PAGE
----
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Warm Bodies In the Flesh

Isaac Marion’s debut novel, Warm Bodies, was a breakthrough in 2011, a beautifully written genre-bending horror romance about an undead named “R” who falls in love with a living girl, Julie, after he eats her boyfriend’s brain. He even saves her from being devoured by his friends. So sweet and considerate, right? I was intrigued by the premise and bought a copy on Kindle, expecting a fluffy, easy read. Instead, I found a complex love story from a very unconventional point of view. What impressed me immediately was Marion’s prose and the fluid skill he used to give R a voice that many, dead or undead, could sympathize with.

The move adaptation last year opened to an 80% fresh rating on Rotten Tomatoes. After loving the book so completely I went into the theater with a bowl of popcorn and a cup of skepticism, expecting watered down emotions and overblown special effects. The trailer looked good, but don’t the trailers always look good? I was pleasantly surprised that Jonathan Levine stayed true to the novel, with help from Marion, and preserved the innocent, Edward Scissorhands-like persona of R and his journey to connect with Julie and become human again.

This past month, advertisements began running every fifteen minutes for a new BBC America miniseries, In the Flesh, from debut creator and writer Dominic Mitchell. The first episode premieres tonight, June 6th, which happens to be two days after the DVD release of Warm Bodies. Some have said that BBC is attempting to imitate Marion’s romantic tale of undead meets girl, but from the clips I’ve been able to watch, that couldn’t be further from the truth. Although, without it’s predecessor, I doubt a zombie drama could have been greenlit. What the BBC has done, like Marion, is use an overdone horror trope with a fresh twist to tell a meaningful story with new perspective.

The trailers and sneak-peaks from BBC reveal a much starker zombie apocalypse than Warm Bodies, although both divert attention from the traditional monsters and create villains from apathy, prejudice and ignorance. The stories don’t focus on humanity surviving among monsters, but instead take the more complex approach of humanizing the traditional villain and exploring the darker side of the human condition. In these stories, the “rotter” can be the good guy. Although zombies in both periodically eat their neighbors, they feel conflicted about it, and doesn’t that count for something?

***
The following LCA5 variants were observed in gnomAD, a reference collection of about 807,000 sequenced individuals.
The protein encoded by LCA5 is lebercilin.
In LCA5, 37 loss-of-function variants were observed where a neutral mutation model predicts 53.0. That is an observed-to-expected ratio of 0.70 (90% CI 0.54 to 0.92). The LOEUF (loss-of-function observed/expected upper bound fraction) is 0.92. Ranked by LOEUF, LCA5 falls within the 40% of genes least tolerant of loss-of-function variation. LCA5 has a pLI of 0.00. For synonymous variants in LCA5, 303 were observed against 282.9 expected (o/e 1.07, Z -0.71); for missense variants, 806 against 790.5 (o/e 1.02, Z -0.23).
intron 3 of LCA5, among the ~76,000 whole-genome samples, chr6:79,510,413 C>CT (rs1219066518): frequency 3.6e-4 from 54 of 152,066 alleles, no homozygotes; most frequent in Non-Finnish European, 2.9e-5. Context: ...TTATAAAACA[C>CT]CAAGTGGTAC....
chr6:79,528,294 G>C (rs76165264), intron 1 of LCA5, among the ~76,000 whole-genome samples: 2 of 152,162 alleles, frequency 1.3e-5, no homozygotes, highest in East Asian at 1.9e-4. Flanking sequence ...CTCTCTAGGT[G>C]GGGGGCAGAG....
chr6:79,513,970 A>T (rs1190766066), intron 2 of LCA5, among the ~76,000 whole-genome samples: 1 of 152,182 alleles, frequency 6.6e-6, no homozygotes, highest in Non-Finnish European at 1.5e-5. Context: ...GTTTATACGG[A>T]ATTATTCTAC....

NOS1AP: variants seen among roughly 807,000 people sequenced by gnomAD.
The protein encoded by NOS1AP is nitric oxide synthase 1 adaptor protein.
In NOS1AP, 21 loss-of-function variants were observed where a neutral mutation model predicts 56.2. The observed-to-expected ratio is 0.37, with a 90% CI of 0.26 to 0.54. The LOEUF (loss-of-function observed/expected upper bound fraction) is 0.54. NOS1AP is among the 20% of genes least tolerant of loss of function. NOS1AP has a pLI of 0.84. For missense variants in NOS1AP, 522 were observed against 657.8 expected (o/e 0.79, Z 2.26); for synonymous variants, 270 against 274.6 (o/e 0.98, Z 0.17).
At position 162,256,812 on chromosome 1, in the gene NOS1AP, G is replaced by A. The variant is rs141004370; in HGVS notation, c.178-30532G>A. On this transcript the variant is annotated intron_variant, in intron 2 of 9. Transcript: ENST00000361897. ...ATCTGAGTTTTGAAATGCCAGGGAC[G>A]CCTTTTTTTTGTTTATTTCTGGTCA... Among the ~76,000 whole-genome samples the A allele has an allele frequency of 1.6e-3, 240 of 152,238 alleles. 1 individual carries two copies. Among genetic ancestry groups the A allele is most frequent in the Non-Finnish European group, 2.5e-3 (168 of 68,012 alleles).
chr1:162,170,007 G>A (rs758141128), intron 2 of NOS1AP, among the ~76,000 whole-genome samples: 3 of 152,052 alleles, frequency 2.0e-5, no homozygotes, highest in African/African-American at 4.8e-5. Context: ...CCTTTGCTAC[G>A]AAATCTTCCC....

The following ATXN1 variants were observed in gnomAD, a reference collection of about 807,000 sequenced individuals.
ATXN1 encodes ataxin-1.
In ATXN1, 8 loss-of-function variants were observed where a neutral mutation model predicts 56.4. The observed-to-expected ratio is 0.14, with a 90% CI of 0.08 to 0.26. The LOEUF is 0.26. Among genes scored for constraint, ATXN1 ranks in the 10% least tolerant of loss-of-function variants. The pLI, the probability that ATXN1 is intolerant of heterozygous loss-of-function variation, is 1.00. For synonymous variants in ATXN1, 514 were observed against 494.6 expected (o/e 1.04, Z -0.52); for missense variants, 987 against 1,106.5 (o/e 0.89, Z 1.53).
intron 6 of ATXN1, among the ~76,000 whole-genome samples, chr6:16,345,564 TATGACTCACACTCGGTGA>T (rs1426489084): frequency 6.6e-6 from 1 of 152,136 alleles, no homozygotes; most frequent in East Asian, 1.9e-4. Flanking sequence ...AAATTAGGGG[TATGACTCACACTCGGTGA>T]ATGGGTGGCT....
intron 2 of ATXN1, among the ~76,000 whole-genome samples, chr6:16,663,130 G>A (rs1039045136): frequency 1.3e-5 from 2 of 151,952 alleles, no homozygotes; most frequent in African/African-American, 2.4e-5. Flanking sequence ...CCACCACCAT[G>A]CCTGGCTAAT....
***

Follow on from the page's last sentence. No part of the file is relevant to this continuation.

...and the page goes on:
The undead of In the Flesh, called PDS (Partially Deceased Syndrome) sufferers, could be a metaphor for the mentally ill or any other group with societal stigma that are feared and alienated. Two characters, Kieren Walker (Luke Newberry) and Rick Macy (David Walmsley), are not only dealing with PDS prejudice from their community, but are exploring their connection to one another and struggling with the possibility of additional rejection from their parents and friends. They’re “partially deceased” and coming to terms with their own sexuality, a dual conflict which will make for multi-layered storytelling. Without going into each one, most of the characters of In the Flesh, both human and PDS sufferer, are equally as complex and compelling.

Although Isaac Marion has said he is not a horror writer and will not return to the genre, if the BBC series becomes even a moderate success, the market for similar zombie fiction can only grow exponentially, especially coupled with ratings boon The Walking Dead. However, I’m burnt out on the traditional zombie tale offered by Frank Darabont and company, and will be supporting In the Flesh by watching it tonight, June 6th, on BBC America at 10PM EST/9PM CST.

If you don’t have cable and can’t join, go pick up a copy of Warm Bodies, out on DVD as of June 4th.

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